Many of my coworkers have contacted me since my departure, shocked and saddened by my abrupt leave. I signed an agreement not to incite anyone to leave for 30 days, so I'm trying to be careful about what I say to them, since I'm sure a lot of them might find this whole affair quite angering.

I'm not worried about my future prospects. This is a minor setback - given my array of skills I don't expect to be unemployed for very long (and after properly explaining my reason for being fired to future interviewers, it shouldn't affect any decisions too much). I'm just disappointed that such a good experience was taken away from me. It was fun work, fun people, and a fun workplace. I'm also concerned about what will become of the projects and teams I've worked on. Many were short-staffed (with me as the only developer on a specific project), and hopefully they'll find a capable replacement. Of course, it's no longer my problem.

Here's to bigger and better things.
Me.

Achievement Unlocked, or Why Lyndon LaRouche Owes Me An Arm

I broke my first bone yesterday, and it was pretty badass!

I was biking to work as usual, eager to jump in and check all my code into SVN, when I noticed something new on Market Street: LaRouche PAC tabling with their obnoxious "Obama = Hitler and should be impeached because he wants people to be healthy" posters. Quite angered, I continued along my route, up until I reached the usual crosswalk at Market and Sutter.

Quite distracted, I did not wait until the light turned red to turn left and cross the street - rather, I started turning left at the yellow light. Meanwhile, a dude decided to floor it across the intersection before the light turned red. Bad combination!

I heard a screech, felt the impact, instantly thought "oh shit, this is a real-life accident I'm a part of," saw the world turn upside down, saw my bike fly across the intersection, hit the ground landing on my right arm, saw a flash of red, bounced up, and landed on my chest. Within seconds I was on my feet, yelling for someone to stop that car, which was at the next light by that point.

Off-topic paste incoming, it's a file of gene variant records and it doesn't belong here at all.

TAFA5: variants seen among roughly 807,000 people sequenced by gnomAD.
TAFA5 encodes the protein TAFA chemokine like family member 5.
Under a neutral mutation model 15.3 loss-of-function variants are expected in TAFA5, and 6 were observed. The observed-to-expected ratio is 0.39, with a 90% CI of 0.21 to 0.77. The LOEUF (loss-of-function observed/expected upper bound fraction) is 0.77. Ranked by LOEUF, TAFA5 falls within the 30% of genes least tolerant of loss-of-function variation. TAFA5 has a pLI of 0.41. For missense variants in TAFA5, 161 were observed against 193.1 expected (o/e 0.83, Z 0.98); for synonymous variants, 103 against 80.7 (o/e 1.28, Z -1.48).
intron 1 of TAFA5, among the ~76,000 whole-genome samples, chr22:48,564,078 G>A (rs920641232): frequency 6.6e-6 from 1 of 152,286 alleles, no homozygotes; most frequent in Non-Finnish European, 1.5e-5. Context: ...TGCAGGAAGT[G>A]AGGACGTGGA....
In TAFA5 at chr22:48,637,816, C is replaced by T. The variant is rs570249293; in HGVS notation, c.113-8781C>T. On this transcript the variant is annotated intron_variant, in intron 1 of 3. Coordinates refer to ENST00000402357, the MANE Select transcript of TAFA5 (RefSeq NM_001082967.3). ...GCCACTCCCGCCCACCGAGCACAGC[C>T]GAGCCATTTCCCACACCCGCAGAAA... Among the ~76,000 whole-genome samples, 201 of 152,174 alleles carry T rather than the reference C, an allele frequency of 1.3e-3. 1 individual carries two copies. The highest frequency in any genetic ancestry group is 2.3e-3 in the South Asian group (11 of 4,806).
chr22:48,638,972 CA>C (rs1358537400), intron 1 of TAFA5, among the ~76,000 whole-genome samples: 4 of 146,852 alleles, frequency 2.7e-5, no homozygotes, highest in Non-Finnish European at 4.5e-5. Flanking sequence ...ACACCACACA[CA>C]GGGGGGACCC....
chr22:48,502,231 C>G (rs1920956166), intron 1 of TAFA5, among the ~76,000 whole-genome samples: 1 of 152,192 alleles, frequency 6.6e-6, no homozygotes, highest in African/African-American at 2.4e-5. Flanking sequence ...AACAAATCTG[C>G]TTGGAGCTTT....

A bunch of people rushed over to me and someone helped me sit down, then lie down, on the curb. Answered "yes" when asked if someone should call 911, unaware of the state of my arm just yet. My bike eventually showed up next to me on the curb, but I noticed my phone was gone when I checked my pockets.

Ambulance and police arrived in very short order. The man who hit me had come back and was apologizing profusely to me, and answering to the police about what happened. It wasn't really debatable what happened - he was zooming through a yellow light and I jumped the gun having assumed that no other cars were coming. Eventually paramedics were asking me the usual questions - where it hurts, whether I have any allergies, etc. etc. It was becoming more and more apparent that my right arm had been more than just twisted. I asked, sheepishly, if anyone had seen an iPhone lying around.

Soon I was on a stretcher being whisked by ambulance to SF General Hospital, with pillows to cushion my right arm. The receptionist at Linden Lab was notified of the situation. My bike went along for the ride, slightly beat up but definitely in fixable condition. (I was wearing a helmet, by the way.) I was brought into a trauma room, had my shirt cut off and my pants removed, and was hooked up to morphine. I was quite conscious this entire time - the shock had worn off pretty quickly after I got hit, and all I really felt was intense pain in my shoulder. A doctor ran x-rays, but I couldn't easily move my arm into the requested positions since the pain was basically blocking me from doing so.

A social worker asked if there was anyone they could call, and at that moment, a policeman walked through the door with my phone. He snarkily remarked that it would have been smushed on the side of the road had Muni actually been a reliable service. Unfortunately, the screen was white, and despite a tech-savvy nurse's attempt to replace the SIM card and get the numbers off, it was a lost cause. I did know my mom and dad's numbers, so they were notified, and eventually my dad notified Anna. I was shown the results of the x-rays and I did indeed have a fracture in my humerus, near my shoulder.

Eventually I was brought into the trauma center hallway, where I stayed for about an hour in pain. I asked for water, but they couldn't provide it because it was possible I was going to undergo surgery and needed to have an empty stomach. I eventually requested more morphine, which they supplied a good 15 minutes later. Anna eventually came and I swear it never felt so good to see the face of a loved one. She stood there stroking my knees as I walked her through what happened.